July 24, 2017

Research Mentions: The New York Times and Slate feature work by family medicine researchers

Recent articles in both Slate and the New York Times echo the work of U-M family physicians Drs. Philip Zazove and Michael McKee--envisioning a health system that actively and equitably serves patients (and doctors) with disabilities


Philip Zazove, M.D.
Philip Zazove, M.D., professor and George A. Dean, M.D. Chair of Family Medicine

“More than 20 percent of the American population lives with a disability, but as few as 2 percent of practicing physicians do,” stated a New York Times piece from July 11, 2017. This disparity signals a fundamental incongruity of experiences--between the vast swathe patients who have or will experience a disability and the physicians who treat them. The New York Times and Slate have both recently published articles that highlight the underrepresentation of physicians with disabilities and both publications feature work from department of family medicine disability health researchers Michael M. McKee, M.D., M.P.H., Lisa M. Meeks, Ph.D.Michael D. Fetters, M.D., M.P.H., M.A., and Philip Zazove, M.D..

The lack of physicians with disabilities was traced back to critical barriers in medical school admissions. In a paper published last year in Academic Medicine, Zazove and Fetters looked at “technical standards” from 173 medical school admissions policies across the United States. Programs can set standards, defining cognitive and physical procedures and abilities required of admitted medical students. Their analysis found that technical standards lacked basic understanding of disabilities and accommodations, with most lacking specifications for accommodating students with disabilities--despite the legal guidelines of the 1973 Rehabilitation Act and the Americans with Disabilities Act (ADA) of 1990. The standards reflect outdated and insufficient knowledge of the diverse abilities and accommodating intermediates (e.g. sign language interpreters or technologies) that enable individuals with disabilities to thrive as health professionals. The paper identifies a concrete and critical weakness in the disability-diversity pipeline problem in the field of medicine.

Dr. Michael McKee
Michael M. McKee, M.D., M.P.H., assistant professor of family medicine

According to Slate, the University of Michigan Medical School was prompted to revise their technical standards for admissions, in-part, as a response to the growing body of research conducted by Zazove, McKee, and other disability health researchers in the department of family medicine, like health economist and disparities researcher Elham Mahmoudi, Ph.D. and reproductive health researcher and family physician Justine P. Wu, M.D., M.P.H. Slate interviewed third-year U-M medical student Molly Fausone, who co-wrote a paper with Zazove and McKee in the AMA Journal of Ethics, in their October 2016 issue on Health Professionals with Disabilities (read more). The paper delves deeper into the ethics of restrictive “organic” technical standards in medical school admissions.


Lisa Meeks, Ph.D., Clinical Lecturer
Lisa M. Meeks, clinical lecturer in family medicine

Lisa Meeks, Ph.D., clinical lecturer and disability inclusion expert, was quoted in the Slate piece, on her experiences consulting with medical school administrations who wish to strengthen their disability and admissions policies to accommodate diversely abled students. She notes that exclusionary policies “is less often a matter of prejudice than it is of medical schools not knowing what they don’t know.” There is a need for to educate medical educators and administrators on the the experiences of individuals with disabilities and the accommodations that are available to them.  Before joining the department of family medicine, Meeks served as academic faculty and director of Medical Student Disability Services at the University of California, San Francisco.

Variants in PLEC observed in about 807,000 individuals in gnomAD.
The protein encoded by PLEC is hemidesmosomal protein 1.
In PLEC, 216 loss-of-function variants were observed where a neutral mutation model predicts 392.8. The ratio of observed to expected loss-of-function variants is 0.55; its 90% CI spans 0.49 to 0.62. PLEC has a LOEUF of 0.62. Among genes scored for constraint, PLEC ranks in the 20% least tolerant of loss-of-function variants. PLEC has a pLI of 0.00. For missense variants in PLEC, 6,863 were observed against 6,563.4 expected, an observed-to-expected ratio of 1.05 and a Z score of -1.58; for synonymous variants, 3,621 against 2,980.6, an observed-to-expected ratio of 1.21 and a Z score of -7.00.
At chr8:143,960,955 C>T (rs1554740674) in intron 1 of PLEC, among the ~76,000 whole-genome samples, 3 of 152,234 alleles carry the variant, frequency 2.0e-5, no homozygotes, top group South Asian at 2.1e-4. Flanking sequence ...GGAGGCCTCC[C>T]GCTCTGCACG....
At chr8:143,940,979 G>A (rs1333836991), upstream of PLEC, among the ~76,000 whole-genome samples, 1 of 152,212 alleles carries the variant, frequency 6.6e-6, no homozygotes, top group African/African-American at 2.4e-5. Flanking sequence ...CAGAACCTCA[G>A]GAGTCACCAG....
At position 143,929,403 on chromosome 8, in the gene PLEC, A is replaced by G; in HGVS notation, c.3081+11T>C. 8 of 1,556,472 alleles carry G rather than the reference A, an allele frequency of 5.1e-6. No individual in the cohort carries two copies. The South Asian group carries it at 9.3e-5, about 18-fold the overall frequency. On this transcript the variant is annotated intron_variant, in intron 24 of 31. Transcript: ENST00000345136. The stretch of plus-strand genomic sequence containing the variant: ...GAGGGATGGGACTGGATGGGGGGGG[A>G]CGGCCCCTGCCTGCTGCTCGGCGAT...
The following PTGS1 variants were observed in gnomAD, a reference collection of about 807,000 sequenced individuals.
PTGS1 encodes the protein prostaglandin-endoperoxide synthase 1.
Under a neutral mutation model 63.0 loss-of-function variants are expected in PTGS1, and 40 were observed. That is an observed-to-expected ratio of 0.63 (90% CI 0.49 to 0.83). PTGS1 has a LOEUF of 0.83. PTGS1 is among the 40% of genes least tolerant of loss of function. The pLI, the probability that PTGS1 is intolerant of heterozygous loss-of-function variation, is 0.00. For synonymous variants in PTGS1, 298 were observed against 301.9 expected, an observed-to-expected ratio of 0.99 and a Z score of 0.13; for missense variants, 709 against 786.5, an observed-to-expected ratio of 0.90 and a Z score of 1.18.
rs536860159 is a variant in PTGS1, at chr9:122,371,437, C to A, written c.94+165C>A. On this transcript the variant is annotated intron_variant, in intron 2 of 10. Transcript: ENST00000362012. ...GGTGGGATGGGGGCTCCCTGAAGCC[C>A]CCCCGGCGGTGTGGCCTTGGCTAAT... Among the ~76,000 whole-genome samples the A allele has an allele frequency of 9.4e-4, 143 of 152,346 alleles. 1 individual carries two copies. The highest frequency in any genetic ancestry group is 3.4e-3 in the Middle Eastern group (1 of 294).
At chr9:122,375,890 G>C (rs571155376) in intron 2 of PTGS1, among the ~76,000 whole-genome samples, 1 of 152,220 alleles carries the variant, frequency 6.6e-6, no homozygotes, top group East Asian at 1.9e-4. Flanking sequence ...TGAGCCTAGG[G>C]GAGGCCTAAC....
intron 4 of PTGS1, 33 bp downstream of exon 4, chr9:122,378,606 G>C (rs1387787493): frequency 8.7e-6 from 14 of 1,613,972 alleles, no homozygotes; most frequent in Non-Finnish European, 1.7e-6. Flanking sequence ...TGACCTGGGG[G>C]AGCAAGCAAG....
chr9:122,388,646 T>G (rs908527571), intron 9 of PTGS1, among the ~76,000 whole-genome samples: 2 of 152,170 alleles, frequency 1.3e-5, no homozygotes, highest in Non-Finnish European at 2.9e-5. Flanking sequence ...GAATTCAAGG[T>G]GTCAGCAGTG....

There is consensus among the Times and Slate that training more disabled doctors is the first step in closing health disparities for people with disabilities. As supporting evidence, Slate cites a 2013 national survey of deaf and hard-of-hearing (DHoH) doctors and medical trainees, conducted by Zazove. The survey found that “over 20% of trainees anticipated working with DHoH patients, whereas physicians on average spent 10% of their time with DHoH patients.” As with studies showing a correlation between racial and ethnic diversity among physicians and lowered barriers for minority patients, Zazove’s study points to a hopeful connection between greater professional diversity and the rise in quality care for individuals with disabilities.

Find the New York Times and Slate articles and the cited research:

Moreland CJ, Latimore D, Sen A, Arato N, Zazove P. Deafness among physicians and trainees: a national survey. Acad Med. 2013 Feb;88(2):224-32. doi: 10.1097/ACM.0b013e31827c0d60

Zazove P, Case B, Moreland C, Plegue MA, Hoekstra A, Ouellette A, Sen A, Fetters MD. U.S. Medical Schools' Compliance With the Americans With Disabilities Act: Findings From a National Study. Acad Med. 2016 Jul;91(7):979-86. doi: 10.1097/ACM.0000000000001087

McKee MM, Case B, Fausone M, Zazove P, Ouellette A, Fetters MD. Medical Schools' Willingness to Accommodate Medical Students with Sensory and Physical Disabilities: Ethical Foundations of a Functional Challenge to "Organic" Technical Standards. AMA Journal of Ethics. 2016; 18(10): 993-1002. DOI: 10.1001/journalofethics.2016.18.10.medu1-1610


Discover the latest disability health and disability inclusion research from the Department of Family Medicine.